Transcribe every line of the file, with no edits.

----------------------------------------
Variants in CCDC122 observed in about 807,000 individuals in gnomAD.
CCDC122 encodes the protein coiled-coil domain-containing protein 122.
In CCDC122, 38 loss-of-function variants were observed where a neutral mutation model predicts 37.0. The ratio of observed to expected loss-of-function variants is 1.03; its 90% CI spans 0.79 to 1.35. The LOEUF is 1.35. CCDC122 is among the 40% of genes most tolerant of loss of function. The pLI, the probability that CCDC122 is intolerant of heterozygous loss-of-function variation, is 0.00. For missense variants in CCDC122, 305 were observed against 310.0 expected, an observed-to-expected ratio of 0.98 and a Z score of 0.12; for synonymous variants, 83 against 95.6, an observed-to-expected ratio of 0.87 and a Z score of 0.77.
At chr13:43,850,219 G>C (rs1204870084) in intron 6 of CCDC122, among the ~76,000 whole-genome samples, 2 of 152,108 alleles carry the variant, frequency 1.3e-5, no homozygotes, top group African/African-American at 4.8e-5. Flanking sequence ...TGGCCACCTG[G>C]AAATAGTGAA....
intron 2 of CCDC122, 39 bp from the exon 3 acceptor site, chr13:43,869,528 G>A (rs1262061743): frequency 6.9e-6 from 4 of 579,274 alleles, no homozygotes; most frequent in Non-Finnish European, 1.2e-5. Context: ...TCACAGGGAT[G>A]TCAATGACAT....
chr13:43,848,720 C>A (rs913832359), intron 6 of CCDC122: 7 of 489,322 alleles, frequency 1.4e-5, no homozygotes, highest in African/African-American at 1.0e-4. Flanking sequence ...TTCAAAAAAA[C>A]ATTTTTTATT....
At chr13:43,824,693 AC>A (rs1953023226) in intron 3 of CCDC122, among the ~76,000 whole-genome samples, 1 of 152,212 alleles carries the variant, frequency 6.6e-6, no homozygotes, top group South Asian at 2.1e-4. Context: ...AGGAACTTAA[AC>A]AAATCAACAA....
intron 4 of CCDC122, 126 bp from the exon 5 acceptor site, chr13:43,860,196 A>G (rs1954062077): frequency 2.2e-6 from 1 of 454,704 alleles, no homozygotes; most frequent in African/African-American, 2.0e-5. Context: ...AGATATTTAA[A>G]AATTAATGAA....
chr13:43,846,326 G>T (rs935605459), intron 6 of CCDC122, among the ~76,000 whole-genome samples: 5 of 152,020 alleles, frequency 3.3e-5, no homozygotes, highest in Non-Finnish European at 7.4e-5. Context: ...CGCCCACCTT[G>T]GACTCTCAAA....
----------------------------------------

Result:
Variants in CCDC122 observed in about 807,000 individuals in gnomAD.
CCDC122 encodes the protein coiled-coil domain-containing protein 122.
In CCDC122, 38 loss-of-function variants were observed where a neutral mutation model predicts 37.0. The ratio of observed to expected loss-of-function variants is 1.03; its 90% CI spans 0.79 to 1.35. The LOEUF is 1.35. CCDC122 is among the 40% of genes most tolerant of loss of function. The pLI, the probability that CCDC122 is intolerant of heterozygous loss-of-function variation, is 0.00. For missense variants in CCDC122, 305 were observed against 310.0 expected, an observed-to-expected ratio of 0.98 and a Z score of 0.12; for synonymous variants, 83 against 95.6, an observed-to-expected ratio of 0.87 and a Z score of 0.77.
At chr13:43,850,219 G>C (rs1204870084) in intron 6 of CCDC122, among the ~76,000 whole-genome samples, 2 of 152,108 alleles carry the variant, frequency 1.3e-5, no homozygotes, top group African/African-American at 4.8e-5. Flanking sequence ...TGGCCACCTG[G>C]AAATAGTGAA....
intron 2 of CCDC122, 39 bp from the exon 3 acceptor site, chr13:43,869,528 G>A (rs1262061743): frequency 6.9e-6 from 4 of 579,274 alleles, no homozygotes; most frequent in Non-Finnish European, 1.2e-5. Context: ...TCACAGGGAT[G>A]TCAATGACAT....
chr13:43,848,720 C>A (rs913832359), intron 6 of CCDC122: 7 of 489,322 alleles, frequency 1.4e-5, no homozygotes, highest in African/African-American at 1.0e-4. Flanking sequence ...TTCAAAAAAA[C>A]ATTTTTTATT....
At chr13:43,824,693 AC>A (rs1953023226) in intron 3 of CCDC122, among the ~76,000 whole-genome samples, 1 of 152,212 alleles carries the variant, frequency 6.6e-6, no homozygotes, top group South Asian at 2.1e-4. Context: ...AGGAACTTAA[AC>A]AAATCAACAA....
intron 4 of CCDC122, 126 bp from the exon 5 acceptor site, chr13:43,860,196 A>G (rs1954062077): frequency 2.2e-6 from 1 of 454,704 alleles, no homozygotes; most frequent in African/African-American, 2.0e-5. Context: ...AGATATTTAA[A>G]AATTAATGAA....
chr13:43,846,326 G>T (rs935605459), intron 6 of CCDC122, among the ~76,000 whole-genome samples: 5 of 152,020 alleles, frequency 3.3e-5, no homozygotes, highest in Non-Finnish European at 7.4e-5. Context: ...CGCCCACCTT[G>T]GACTCTCAAA....